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What is the best way to work out how many and how often people visit your woodland or forest?


Building on the Forestry Commission’s existing guidance on visitor monitoring, Forest Research carried out a full review of methodologies and techniques used to estimate how many people visit a woodland site and the number of visits they make. The team assessed the advantages and disadvantages of each method, including surveys, observations and counters.

Key findings and recommendations


  • Site-specific estimates: surveys are suitable, but sampling must consider the location of survey points, time of day, days of the week and the season
  • Population level estimates: national, regional or site ‘catchment’ surveys can help to estimate numbers, although these will include non-users, so can be used to assess barriers to access and use
  • Counting: electronic and mechanical counters are available, many with integrated data collection units and automated controls for start times and sampling periods; manual counting by staff or contractors is also possible
  • Frequency: more frequent monitoring is necessary at new sites or where significant developments have recently taken place


  • Visitor monitoring should form part of a wider strategy to understand how people use, engage with, and benefit from a given site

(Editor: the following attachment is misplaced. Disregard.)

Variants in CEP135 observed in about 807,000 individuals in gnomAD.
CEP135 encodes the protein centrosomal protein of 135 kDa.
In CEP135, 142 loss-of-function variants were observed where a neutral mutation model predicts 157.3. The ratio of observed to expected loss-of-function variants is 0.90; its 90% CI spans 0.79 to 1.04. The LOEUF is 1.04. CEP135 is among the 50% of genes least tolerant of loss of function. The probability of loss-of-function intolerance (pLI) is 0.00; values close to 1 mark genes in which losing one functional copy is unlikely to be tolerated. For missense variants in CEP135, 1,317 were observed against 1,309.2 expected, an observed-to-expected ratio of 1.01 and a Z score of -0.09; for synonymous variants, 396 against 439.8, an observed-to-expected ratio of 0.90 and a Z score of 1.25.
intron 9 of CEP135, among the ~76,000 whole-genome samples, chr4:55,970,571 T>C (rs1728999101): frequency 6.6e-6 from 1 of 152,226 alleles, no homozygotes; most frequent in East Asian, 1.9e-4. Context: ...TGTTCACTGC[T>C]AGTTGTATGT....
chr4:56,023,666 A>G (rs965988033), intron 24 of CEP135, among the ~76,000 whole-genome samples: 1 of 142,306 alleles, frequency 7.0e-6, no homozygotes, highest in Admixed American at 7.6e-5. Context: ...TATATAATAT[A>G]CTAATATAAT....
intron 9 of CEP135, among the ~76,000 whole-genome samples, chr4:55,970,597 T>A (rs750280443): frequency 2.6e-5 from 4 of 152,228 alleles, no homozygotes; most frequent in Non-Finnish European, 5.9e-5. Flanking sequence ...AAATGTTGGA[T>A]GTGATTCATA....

• Operational staff and site managers should help to choose the most appropriate tools and methods, based on their knowledge of a given site, its visitors and the local context
  • Initiatives to estimate numbers should have clear objectives and should support delivery against national, regional or local aims and objectives
  • Links to appropriate resources (e.g. toolkits, example questionnaires and sampling strategies) can help practitioners and forest managers decide what is useful for their area or site and determine what resources they may need to estimate numbers


Funders and partners

Commissioned and funded by the Forestry Commission.


Liz O’Brien and Jake Morris



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